your own club of implementations over the general performance value
(and benefit to everyone on the Internet) of reusing cached representations.
Maybe that's when Prefer should be used instead.

> Some possible distinctions that come to mind:
> - search engines / indexing services -- these systems index which URLs provide content containing particular data items.   These systems are indexed by the URL; should they index the request URL or the CL?

I doubt that search engines index content of arbitrary status codes.
They do index the destinations of redirects, and they typically associate
aliased content with the most-linked URL.  2NN doesn't help at all.

> - endorsement -- what we now see in social systems as Like/+1/star -- where the user sees something and gives it some kind of mark of approval.  Is that mark on just the first page of items, or the whole set?    Which URL should be considered endoresed?  It's possible the user will be frustrated, or worse, if they meant to mark one and the other was considered marked.

2NN is not going to help you there.  You can't tell if they like a picture,
the person in the picture, the dog the person is holding in the picture,
or the sweater on the dog the person is holding in the picture.  The user
doesn't care either way -- they just want the owner to like them back.
The only ones who really care are the advertisers trying to figure out
which of those things the user might actually be interested in buying.

> - link rel=alternate -- is that an alternate for this page or the whole thing?   Some alternates might be paged differently, so maybe it doesn't make sense for the page.

Link relations are supposed to define what the relation applies to.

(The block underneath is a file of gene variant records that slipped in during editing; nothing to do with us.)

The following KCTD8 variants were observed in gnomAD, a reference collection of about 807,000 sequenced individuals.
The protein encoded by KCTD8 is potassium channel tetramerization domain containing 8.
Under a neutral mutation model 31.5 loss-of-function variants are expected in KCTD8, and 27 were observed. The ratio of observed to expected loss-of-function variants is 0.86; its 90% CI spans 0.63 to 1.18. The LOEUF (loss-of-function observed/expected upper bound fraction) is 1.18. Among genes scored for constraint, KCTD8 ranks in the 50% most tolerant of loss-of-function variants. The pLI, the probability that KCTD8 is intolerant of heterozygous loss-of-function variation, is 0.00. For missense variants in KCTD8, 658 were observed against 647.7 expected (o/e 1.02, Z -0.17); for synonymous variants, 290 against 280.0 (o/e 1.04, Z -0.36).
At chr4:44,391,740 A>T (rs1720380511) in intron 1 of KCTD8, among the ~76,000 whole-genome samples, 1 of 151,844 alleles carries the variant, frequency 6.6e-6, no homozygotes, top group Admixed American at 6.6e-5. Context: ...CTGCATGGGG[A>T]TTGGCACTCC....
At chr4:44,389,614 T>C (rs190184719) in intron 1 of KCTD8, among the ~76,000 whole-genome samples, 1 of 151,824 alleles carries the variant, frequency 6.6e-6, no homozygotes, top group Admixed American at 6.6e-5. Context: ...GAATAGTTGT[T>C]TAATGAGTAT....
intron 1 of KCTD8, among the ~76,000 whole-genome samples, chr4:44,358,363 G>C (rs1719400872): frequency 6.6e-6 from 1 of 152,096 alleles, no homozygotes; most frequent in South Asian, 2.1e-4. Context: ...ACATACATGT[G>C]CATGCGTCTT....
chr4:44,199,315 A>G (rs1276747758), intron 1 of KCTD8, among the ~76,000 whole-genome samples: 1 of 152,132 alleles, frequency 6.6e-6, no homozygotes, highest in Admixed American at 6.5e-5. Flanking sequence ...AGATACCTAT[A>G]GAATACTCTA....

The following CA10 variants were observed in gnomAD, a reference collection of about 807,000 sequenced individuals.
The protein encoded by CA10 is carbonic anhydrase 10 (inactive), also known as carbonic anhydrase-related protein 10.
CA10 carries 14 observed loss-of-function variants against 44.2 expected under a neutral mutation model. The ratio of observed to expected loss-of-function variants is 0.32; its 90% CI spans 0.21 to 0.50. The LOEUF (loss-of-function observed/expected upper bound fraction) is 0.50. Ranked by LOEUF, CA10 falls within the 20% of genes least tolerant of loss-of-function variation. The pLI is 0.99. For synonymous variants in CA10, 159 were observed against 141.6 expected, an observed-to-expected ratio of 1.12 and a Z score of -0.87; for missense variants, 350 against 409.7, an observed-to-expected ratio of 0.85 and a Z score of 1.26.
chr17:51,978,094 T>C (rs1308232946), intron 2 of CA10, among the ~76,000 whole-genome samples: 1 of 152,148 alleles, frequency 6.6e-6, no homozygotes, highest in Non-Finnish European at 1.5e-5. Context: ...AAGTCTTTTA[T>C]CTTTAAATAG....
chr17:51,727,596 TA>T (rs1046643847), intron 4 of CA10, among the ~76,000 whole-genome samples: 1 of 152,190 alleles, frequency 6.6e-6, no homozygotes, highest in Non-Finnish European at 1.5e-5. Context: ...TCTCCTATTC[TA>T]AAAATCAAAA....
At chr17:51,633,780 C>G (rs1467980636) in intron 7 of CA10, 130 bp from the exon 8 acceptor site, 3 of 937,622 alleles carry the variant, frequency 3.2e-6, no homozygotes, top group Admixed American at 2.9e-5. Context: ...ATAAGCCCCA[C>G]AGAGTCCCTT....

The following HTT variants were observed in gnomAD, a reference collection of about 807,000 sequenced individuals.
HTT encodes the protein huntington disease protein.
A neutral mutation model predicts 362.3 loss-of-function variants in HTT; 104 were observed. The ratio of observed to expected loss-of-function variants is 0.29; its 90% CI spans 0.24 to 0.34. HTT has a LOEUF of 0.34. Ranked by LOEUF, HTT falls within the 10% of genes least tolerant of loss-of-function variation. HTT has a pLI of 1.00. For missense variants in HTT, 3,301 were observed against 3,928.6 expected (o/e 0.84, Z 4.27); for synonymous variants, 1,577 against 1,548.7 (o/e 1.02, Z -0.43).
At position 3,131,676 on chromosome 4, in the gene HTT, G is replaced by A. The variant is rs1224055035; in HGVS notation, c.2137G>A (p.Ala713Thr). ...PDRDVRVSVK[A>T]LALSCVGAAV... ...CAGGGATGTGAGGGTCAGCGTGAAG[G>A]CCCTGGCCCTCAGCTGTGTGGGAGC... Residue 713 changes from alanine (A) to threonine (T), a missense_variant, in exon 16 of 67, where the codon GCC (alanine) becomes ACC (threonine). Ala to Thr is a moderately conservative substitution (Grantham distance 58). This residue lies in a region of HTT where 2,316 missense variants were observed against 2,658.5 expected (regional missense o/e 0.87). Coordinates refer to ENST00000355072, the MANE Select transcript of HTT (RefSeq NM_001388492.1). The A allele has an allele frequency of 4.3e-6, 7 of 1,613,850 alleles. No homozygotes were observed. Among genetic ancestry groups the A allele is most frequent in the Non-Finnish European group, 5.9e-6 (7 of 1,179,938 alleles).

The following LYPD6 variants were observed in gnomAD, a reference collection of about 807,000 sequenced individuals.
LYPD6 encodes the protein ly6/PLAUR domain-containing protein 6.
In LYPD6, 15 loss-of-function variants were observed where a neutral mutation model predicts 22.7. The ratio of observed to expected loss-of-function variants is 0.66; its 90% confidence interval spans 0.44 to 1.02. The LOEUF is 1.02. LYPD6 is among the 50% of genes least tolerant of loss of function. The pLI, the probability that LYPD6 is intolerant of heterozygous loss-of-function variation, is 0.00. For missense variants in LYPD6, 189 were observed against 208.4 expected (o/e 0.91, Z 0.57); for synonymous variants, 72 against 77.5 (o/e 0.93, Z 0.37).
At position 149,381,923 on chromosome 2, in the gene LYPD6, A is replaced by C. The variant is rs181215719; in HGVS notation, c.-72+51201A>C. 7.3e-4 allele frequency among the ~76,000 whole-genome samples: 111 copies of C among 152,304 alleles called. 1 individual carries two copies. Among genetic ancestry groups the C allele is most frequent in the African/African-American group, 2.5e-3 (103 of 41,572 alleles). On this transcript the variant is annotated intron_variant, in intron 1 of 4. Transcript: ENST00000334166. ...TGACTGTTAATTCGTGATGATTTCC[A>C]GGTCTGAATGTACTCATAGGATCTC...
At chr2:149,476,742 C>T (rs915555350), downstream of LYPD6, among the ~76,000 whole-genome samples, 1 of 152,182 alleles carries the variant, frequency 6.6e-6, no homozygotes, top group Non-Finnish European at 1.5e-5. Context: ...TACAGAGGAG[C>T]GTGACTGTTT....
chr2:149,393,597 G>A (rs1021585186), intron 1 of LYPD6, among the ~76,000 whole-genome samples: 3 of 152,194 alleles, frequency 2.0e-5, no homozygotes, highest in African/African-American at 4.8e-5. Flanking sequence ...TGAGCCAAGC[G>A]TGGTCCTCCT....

The response isn't going to make any difference.

> - link rel=copyright -- if the different items have different copyright, there might be multiple of these links to cover them all, and it will be different depending whether this is talking about the paged resource or just a page

Copyright links point to a description of the copyright for an expression
(the selected representation), but that description might encompass an
entire site of resources (e.g., it might be a database of copyright info).

> - link rel=next/prev -- at first glance these obviously are about the CL not the requested resources, but what if the requested resource were itself in some kind of sequence?    Or what if the redirect were for some reason other than paging?

They are defined as navigation links.  What does paging have to do with
any of this?  Whether "/Index?page=1" and "/Index" are the same or
(more likely) different resources is not going to be discoverable by
one look at their representations.  The response will be 200, regardless.

I have no doubt that we'll end up with a 2NN code anyway, because it is
easier to mint new codes than to explain why servers shouldn't use them.

Received on Friday, 5 September 2014 01:14:28 UTC